As Pink Honey Moan, singer/songwriter Jared Lindbloom has embarked on a journey beginning on the majestic rolling prairies of his home state of South Dakota to the eastern seaboard of NYC. The balance of his music teeters between dusty, folky, homespun songs on his early EP's and his electro-surf-rock & pop albums with the bands Fishdoctor and Stargazy, respectively. Jared’s diverse influences include Bill Withers, Brandi Carlile, and Paul Simon to name a few. The first single "Closer to You" off Pink Honey Moan's forthcoming album is out now across all streaming platforms. For the recording of the track, Jared had the pleasure of working with producer John Clinebell and assistant engineer Vira Byramji.
“Closer To You” is an impressive ballad that showcases Jared Lindbloom’s emotive lyricism and vulnerability. The song was created during a hard time for Jared, he had been laid off from work and was living in his in-laws attic with his wife and young daughter. “Closer To You” started off as just an outlet and journal entry to his loved ones, but slowly shaped into a masterpiece. It gives the listener a retrospective look at Jared’s journey and him rediscovering his first love, music. The lyrics can be interpreted based on the listeners circumstance and allows Pink Honey Moan to build a solidified connection with his audience.
Check out “Closer To You” here and read more with Pink Honey Moan below!
Hey Jared! Can you tell us about your upbringing and what really sparked your creativity?
Hello! Thanks for having me! Yes-- I was born and raised in South Dakota (most people either raise an eyebrow and say “you’re the first person I’ve met from there,” or “oh yea, I’ve seen Fargo!” :)). Both answers are understandable, but in all sincerity I cannot imagine having had a better upbringing. I love going back to visit with friends from bigger cities and introducing them to all the beautiful people & places most folks just fly over. My creativity and music bug was ignited early on--mostly just looking for things to do during long winter doldrums. My parents had a pretty decent record collection where I discovered Led Zeppelin, Bill Withers, CSNY, Joni Mitchell, and a bunch of other great 70’s sounds. I received a guitar for my 14th birthday--along with a VHS tape of rudimentary guitar lessons. The first song I learned was “Wild Thing” and I remember writing a lot of songs early on about surfing and oceans (my bedroom was plastered with surf posters--wishing I was a surfer, but stuck on the snowy prairies of central South Dakota(hah!)).
How long have you been singing/performing?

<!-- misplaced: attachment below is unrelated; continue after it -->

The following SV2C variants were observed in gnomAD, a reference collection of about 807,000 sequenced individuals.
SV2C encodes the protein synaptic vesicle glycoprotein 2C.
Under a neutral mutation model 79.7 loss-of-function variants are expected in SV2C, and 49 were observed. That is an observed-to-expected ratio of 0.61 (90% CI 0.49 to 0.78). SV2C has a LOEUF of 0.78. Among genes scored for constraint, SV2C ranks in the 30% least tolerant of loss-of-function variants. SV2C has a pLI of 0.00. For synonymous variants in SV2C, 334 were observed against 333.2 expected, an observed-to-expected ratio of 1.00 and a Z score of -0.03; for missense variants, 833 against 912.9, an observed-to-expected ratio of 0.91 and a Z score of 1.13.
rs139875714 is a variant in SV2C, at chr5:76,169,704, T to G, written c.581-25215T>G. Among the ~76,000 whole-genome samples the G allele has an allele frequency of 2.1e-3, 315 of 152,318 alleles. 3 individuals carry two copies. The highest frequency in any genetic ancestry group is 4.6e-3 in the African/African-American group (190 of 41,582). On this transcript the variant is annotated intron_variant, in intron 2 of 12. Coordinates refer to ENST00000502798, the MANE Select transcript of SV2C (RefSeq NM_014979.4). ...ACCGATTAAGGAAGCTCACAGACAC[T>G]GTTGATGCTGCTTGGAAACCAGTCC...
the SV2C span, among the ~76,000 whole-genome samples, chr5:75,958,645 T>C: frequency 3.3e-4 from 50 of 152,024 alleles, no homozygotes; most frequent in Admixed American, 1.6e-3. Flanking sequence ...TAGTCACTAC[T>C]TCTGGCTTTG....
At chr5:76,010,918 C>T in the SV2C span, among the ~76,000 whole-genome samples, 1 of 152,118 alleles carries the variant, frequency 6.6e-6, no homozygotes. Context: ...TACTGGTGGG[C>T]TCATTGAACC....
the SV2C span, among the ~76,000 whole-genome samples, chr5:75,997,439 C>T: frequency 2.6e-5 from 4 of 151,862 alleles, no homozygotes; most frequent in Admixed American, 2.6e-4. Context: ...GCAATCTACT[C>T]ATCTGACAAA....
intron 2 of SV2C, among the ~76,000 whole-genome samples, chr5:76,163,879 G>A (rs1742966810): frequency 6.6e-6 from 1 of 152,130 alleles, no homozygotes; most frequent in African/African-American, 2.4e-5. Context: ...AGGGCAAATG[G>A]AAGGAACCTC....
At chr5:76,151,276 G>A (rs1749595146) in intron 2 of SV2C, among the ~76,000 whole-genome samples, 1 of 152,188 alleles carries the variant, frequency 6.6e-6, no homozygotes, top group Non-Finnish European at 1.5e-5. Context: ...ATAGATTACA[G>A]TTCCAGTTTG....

When I was 16 my buddies and I started a band called Elysium. We were trying our best to sound like Pink Floyd, Zeppelin, The Doors, and Incubus. We played shows wherever we were welcomed--the VFW, flatbed trucks, basement shows, you name it-- and stayed together through our first couple years of college. After that, my bandmate and I moved to NYC.
Can you dive into the lyrics of “Closer To You”? What do you hope your listeners take away from this song?
The song “Closer to You” is one of the most vulnerable and optimistic tunes I’ve ever penned. I wanted to get my thoughts on paper after going through a difficult time--having been let go from my job, and living in my in-laws attic with my wife and young daughter. It was initially a diary entry/love letter to those closest to me. The song came to me during a long weekend spent with friends in Stinson Beach, CA. I was out for a run one morning and started singing this little melody line with the words “cause when I’m da da da da da, and a da da da da da….I’m closer to you”. The rhythm of my feet hitting the ground giving me the cadence to the melody spacing.
With each line of the song, I want the listener to feel the breaking and bending of a change or upheaval, and resolve with the lifting and levity of someone who has learned from a hardship and been made stronger. “I won’t play it small no more--won’t you hear my call” is the final line that is my own personal clarion call that I’m telling myself to heed.
What’s your writing process look like?
My writing process is usually a series of fits & starts. As I mentioned above, I love to go for runs and clear my head. Usually I’ll have a little guitar or piano line that I’ll record into my phone and then listen to it while running. I find words flow more freely while exercising. Most times I’ll find “place-holder” words and just keep repeating the melody with them until I get home and record it together with an instrument. I’m trying to get better at collaborating too. I think there’s a lot of cool things that can come about with another person’s musical proclivities and point of view.
What’s next for you?
I’ve got about 30 demos I’m workshopping right now with my producer John Clinebell. Would love to whittle them down to the best 3-5 songs and put out a proper EP. Timeline on that is TBD. Right now my gestation period is about 3 months per tune. I’m really trying to prioritize being a good father and husband, as well as balancing about 6 odd jobs in this gig economy. I mostly just feel excited and fortunate to be making music again, and want to thank you for your interest and taking time to ask me about it!!
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